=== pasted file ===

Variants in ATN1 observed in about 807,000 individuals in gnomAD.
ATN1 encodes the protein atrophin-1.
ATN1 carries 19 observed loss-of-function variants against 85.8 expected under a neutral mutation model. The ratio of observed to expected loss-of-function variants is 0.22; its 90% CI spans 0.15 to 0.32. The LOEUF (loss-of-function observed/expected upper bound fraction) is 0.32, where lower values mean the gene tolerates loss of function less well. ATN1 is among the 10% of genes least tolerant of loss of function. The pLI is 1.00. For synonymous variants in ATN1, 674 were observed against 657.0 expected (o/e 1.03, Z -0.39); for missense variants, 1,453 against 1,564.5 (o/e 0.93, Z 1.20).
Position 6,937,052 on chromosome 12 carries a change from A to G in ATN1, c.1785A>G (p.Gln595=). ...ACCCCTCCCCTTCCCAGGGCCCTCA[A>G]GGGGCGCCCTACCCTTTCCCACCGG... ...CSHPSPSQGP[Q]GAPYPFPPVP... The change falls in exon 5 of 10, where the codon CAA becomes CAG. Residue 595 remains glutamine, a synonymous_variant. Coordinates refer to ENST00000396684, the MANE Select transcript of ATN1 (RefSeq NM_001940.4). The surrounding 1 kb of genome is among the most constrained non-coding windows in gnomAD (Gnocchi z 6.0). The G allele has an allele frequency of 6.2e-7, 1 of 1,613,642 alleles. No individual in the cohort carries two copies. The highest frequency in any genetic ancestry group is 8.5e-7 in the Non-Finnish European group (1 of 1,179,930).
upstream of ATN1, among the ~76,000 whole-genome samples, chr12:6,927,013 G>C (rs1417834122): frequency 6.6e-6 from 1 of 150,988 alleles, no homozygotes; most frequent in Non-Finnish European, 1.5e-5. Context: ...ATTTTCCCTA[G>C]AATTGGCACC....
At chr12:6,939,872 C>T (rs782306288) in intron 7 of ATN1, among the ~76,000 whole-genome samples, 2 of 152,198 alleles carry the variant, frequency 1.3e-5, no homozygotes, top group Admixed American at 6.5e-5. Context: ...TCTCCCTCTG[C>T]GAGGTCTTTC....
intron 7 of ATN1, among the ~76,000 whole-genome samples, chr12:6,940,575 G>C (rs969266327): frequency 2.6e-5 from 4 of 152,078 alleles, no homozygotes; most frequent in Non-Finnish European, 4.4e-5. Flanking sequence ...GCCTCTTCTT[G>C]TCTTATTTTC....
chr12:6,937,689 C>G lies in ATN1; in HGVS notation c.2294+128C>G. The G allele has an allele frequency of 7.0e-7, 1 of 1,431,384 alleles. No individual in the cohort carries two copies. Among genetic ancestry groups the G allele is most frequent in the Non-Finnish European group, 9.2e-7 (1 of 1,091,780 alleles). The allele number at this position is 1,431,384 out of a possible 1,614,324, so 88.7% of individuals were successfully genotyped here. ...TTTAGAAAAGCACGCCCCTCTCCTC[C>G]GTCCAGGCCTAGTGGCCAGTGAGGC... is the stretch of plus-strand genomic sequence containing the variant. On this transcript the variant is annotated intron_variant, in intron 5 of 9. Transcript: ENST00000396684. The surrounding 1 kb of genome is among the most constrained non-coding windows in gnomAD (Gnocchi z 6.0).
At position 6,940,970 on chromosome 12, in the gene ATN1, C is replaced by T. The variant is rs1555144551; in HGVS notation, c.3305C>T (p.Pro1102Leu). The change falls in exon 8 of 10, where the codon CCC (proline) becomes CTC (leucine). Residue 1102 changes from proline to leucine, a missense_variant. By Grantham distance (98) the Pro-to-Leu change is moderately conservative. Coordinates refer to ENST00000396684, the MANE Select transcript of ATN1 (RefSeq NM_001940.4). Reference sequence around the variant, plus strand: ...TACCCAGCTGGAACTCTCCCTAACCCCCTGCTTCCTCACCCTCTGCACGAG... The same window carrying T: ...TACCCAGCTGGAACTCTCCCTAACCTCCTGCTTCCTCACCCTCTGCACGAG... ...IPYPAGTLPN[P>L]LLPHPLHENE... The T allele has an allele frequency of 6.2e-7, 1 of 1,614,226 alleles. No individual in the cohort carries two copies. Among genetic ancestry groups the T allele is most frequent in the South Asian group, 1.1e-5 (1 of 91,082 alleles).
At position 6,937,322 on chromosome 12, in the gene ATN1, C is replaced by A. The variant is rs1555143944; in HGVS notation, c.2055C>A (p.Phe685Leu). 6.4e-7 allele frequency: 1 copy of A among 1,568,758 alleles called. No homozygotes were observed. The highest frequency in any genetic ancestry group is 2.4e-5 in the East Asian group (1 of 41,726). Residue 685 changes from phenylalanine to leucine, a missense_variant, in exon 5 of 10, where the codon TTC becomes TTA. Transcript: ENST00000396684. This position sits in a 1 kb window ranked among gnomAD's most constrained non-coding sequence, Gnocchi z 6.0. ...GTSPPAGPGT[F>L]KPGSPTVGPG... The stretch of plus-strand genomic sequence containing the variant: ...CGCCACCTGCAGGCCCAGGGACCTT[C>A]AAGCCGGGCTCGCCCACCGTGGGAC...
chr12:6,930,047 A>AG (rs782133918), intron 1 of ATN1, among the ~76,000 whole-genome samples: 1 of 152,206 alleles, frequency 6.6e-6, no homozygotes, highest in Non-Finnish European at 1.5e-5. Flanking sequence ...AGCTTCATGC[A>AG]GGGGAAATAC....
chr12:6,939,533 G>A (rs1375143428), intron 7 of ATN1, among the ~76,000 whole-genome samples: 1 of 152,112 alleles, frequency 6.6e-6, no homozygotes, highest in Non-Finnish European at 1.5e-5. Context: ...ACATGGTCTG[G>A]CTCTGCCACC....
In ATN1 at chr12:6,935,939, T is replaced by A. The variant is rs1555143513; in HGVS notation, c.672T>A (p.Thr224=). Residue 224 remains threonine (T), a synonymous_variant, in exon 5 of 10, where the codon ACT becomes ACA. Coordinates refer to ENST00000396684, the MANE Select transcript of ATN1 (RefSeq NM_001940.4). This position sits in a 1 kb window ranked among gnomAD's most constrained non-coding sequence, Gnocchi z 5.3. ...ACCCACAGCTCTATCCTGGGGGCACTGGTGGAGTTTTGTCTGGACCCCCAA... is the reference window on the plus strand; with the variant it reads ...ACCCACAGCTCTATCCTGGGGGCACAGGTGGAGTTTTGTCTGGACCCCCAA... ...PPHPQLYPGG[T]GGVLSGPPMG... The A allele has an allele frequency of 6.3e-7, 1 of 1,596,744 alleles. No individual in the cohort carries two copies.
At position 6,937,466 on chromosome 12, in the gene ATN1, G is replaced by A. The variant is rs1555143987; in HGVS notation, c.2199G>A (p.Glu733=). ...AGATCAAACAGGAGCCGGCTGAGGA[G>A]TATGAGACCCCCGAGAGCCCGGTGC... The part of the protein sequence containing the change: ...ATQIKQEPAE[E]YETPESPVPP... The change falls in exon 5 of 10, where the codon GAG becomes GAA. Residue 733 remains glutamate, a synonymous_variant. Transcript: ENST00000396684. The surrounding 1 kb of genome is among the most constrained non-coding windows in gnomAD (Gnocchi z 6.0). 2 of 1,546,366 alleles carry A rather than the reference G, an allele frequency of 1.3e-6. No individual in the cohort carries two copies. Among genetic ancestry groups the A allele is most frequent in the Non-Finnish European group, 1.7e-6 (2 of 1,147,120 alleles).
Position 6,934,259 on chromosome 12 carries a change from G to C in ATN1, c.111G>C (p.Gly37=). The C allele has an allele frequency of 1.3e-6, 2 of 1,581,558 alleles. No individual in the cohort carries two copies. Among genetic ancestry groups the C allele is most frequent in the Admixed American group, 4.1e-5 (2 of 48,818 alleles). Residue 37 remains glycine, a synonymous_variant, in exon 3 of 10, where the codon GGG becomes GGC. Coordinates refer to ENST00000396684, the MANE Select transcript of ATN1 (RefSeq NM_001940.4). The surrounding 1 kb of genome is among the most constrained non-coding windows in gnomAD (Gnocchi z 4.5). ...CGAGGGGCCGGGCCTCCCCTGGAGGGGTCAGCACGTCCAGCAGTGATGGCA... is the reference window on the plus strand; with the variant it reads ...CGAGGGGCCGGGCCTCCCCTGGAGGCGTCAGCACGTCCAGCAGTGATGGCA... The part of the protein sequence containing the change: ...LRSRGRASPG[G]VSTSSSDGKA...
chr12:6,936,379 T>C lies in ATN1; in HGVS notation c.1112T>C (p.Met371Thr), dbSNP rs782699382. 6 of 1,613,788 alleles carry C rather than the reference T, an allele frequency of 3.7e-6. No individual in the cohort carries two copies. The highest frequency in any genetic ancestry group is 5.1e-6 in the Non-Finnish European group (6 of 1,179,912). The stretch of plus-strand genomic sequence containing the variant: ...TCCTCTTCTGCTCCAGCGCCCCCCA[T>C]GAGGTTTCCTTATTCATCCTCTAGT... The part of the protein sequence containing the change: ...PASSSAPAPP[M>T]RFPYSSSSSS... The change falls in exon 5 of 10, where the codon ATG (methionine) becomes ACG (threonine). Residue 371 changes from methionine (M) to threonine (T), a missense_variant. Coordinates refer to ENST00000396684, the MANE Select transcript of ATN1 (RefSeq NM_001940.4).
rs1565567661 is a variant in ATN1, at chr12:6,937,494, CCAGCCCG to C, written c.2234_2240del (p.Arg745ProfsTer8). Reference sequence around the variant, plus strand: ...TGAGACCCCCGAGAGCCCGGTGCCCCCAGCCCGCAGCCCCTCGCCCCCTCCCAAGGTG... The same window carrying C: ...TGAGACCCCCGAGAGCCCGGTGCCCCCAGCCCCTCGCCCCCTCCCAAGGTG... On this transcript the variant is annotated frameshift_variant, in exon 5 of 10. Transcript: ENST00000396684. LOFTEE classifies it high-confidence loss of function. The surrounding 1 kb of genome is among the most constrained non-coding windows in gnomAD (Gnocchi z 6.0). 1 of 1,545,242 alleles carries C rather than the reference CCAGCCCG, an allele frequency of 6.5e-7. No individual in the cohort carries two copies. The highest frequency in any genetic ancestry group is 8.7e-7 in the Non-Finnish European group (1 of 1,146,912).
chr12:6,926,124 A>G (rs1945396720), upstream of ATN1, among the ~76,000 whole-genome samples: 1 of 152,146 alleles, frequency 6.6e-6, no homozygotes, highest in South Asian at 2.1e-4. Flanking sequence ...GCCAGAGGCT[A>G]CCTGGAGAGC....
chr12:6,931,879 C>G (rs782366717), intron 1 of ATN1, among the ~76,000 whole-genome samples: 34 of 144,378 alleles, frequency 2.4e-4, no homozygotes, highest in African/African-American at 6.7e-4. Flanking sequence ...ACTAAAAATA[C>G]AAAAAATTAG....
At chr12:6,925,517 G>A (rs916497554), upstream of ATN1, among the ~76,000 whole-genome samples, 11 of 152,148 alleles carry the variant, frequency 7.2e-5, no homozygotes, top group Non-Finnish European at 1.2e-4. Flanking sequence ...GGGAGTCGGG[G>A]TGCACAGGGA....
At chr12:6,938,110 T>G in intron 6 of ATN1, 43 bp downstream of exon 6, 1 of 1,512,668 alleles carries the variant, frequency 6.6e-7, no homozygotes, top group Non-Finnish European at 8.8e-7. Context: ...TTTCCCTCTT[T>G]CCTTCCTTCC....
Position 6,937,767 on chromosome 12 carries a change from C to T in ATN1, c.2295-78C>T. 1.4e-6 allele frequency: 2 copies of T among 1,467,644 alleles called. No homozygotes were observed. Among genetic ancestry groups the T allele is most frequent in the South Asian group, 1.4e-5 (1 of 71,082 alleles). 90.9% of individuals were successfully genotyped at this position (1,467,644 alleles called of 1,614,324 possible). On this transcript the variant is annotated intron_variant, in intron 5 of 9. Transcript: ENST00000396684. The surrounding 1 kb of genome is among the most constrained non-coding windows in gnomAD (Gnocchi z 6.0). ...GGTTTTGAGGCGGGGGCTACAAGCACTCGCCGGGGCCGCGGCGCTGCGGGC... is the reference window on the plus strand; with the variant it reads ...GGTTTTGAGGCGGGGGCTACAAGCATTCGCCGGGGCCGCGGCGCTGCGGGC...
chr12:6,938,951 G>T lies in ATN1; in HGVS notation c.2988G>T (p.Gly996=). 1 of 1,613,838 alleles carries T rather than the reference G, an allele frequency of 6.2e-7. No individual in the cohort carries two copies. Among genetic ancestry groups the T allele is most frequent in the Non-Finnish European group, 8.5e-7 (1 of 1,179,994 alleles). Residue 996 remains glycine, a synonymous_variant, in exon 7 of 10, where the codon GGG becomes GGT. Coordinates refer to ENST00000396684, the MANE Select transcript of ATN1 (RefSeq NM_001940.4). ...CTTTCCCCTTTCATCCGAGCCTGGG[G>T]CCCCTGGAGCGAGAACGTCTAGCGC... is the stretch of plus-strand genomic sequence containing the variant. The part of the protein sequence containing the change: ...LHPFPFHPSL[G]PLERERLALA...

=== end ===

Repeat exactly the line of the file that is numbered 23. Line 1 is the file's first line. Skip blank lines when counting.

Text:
chr12:6,938,951 G>T lies in ATN1; in HGVS notation c.2988G>T (p.Gly996=). 1 of 1,613,838 alleles carries T rather than the reference G, an allele frequency of 6.2e-7. No individual in the cohort carries two copies. Among genetic ancestry groups the T allele is most frequent in the Non-Finnish European group, 8.5e-7 (1 of 1,179,994 alleles). Residue 996 remains glycine, a synonymous_variant, in exon 7 of 10, where the codon GGG becomes GGT. Coordinates refer to ENST00000396684, the MANE Select transcript of ATN1 (RefSeq NM_001940.4). ...CTTTCCCCTTTCATCCGAGCCTGGG[G>T]CCCCTGGAGCGAGAACGTCTAGCGC... is the stretch of plus-strand genomic sequence containing the variant. The part of the protein sequence containing the change: ...LHPFPFHPSL[G]PLERERLALA...